An audit of 400 inhospital patients' records (representing 387 patients as 13 cases were duplicated) was conducted at an emergency department (ED) in a district general hospital to examine the frequency of the recording of patients' vital signs (VS) within the first 15 minutes of admission and again within 60 minutes.
Prehospital thrombolysis (PHT) plays an important role in enabling health care trusts to achieve the call-to-needle time of 60 minutes in England and Wales, but its potential value for each patient must be weighed up by the attending paramedic, taking into account local demographics, availability of alternatives such as primary coronary angioplasty (PCA) and the restrictions of the JRCALC guidelines regarding eligibility of the patient.In light of the deteriorating effectiveness of PHT over time and its expense, in some areas money may well be better spent educating the public to call for help at an earlier stage, as well as encouraging direct admission where available to PCA by paramedics as an alternative to PHT. However, until there is an equal eligibility of patients for thrombolysis in both the prehospital and hospital settings, it is difficult for paramedics in the field to weigh up the relative effectivenes of one against the other.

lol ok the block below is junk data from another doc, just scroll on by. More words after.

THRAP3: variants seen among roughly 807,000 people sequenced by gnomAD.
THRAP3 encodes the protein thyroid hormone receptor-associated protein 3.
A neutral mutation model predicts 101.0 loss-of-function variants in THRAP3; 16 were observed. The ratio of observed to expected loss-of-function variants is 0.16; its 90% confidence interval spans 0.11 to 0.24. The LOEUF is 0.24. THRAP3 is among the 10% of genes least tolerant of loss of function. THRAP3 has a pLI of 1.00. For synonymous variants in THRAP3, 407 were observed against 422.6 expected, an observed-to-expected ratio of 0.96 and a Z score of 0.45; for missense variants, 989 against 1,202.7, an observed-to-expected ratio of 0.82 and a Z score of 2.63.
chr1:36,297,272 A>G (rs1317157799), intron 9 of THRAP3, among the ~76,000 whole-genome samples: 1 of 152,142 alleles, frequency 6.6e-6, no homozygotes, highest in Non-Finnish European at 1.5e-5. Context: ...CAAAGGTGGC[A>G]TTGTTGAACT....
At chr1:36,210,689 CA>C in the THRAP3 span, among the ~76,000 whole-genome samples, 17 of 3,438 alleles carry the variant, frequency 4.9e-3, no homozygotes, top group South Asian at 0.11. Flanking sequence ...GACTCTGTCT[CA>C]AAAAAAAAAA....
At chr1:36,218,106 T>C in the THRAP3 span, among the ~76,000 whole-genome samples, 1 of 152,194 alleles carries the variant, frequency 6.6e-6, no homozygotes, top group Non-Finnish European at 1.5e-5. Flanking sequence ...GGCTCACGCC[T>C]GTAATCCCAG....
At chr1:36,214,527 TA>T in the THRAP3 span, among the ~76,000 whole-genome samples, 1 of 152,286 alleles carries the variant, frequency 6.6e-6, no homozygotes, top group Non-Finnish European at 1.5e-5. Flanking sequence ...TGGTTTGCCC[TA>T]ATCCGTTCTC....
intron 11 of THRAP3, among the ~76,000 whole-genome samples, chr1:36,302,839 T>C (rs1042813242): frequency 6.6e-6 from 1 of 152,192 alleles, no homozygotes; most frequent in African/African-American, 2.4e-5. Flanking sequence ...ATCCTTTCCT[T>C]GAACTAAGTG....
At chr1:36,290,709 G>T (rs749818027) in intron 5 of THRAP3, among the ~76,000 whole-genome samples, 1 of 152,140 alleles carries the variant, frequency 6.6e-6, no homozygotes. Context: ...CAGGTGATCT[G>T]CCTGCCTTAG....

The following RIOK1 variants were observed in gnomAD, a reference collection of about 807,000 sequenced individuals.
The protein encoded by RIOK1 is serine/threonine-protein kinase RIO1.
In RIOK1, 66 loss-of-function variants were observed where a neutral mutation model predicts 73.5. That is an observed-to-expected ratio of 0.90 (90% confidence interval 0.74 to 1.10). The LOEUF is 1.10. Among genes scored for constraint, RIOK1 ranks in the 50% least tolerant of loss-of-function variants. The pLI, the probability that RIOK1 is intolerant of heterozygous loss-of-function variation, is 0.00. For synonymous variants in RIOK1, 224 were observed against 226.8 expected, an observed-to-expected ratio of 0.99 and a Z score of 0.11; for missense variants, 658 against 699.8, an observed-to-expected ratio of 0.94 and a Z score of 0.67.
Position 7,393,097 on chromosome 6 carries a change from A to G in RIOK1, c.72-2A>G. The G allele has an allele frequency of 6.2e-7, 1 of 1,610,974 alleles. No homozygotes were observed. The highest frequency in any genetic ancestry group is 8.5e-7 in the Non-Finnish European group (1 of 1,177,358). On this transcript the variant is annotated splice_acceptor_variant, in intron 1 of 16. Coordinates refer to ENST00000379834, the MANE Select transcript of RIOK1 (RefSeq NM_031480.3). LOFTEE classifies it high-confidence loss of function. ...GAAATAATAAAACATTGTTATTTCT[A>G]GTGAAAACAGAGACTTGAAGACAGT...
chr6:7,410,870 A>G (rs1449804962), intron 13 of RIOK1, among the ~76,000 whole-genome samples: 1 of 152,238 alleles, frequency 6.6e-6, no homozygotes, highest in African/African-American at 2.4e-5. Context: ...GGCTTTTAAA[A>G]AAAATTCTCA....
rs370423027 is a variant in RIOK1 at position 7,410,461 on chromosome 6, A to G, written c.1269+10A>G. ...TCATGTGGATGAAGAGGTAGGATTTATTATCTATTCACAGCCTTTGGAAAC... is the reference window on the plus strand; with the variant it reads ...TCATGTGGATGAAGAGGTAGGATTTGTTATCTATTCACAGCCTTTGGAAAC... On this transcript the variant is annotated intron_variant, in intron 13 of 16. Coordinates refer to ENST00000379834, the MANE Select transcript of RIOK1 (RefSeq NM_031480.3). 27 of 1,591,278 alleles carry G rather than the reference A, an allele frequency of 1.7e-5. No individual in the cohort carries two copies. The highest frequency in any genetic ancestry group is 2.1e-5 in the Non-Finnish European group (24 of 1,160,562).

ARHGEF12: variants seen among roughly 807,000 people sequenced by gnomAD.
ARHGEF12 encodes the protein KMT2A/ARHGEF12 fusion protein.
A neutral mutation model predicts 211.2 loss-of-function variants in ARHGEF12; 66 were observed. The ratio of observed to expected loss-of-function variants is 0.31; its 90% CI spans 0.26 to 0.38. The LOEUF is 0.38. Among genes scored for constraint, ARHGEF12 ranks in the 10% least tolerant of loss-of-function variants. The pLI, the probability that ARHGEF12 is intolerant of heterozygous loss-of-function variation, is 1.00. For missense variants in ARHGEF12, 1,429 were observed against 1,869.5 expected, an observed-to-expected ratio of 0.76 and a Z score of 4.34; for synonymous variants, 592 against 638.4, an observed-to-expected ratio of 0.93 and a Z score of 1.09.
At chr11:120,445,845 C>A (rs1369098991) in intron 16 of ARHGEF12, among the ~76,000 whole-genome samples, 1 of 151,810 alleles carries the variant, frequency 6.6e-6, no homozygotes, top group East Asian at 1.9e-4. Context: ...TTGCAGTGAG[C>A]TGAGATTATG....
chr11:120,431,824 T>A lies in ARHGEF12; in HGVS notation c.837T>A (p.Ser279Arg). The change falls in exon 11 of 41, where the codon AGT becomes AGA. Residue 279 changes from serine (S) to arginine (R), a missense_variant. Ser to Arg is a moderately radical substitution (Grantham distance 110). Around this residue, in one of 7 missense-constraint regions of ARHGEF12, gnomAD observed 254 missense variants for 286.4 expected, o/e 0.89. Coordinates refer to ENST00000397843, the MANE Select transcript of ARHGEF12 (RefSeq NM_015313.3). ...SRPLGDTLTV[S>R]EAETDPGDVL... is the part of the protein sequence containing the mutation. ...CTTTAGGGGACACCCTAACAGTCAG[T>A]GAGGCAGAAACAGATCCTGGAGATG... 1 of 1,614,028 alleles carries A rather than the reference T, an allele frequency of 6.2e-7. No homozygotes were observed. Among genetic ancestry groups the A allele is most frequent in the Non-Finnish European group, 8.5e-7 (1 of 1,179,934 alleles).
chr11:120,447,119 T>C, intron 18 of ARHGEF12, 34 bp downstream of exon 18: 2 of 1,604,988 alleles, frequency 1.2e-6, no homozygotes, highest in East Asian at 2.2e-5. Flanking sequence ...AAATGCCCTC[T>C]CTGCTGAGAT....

This article illustrates the important principles of pharmacokinetics: the effect that the body has on drugs or other foreign chemicals. A basic understanding of this aspect of clinical pharmacology will assist health professionals in understanding the action of drugs they may administer, and ensure safe and effective practice.
Cardiovascular disease management has met with success through programmes such as the National Service Framework for Coronary Heart Disease. However, this has led to increased survival and therefore higher prevalence of patients living with impaired cardiac function. Acute cardiogenic pulmonary oedema (ACPO) is one of a number of distinct clinical conditions that result from abnormal cardiac function, primarily referred to as acute heart failure. This article will review current evidence-based pharmacological management of ACPO and make recommendations for future practice in prehospital care. Current drugs used in both prehospital and emergency care will be analysed for safety and efficacy in the management of ACPO.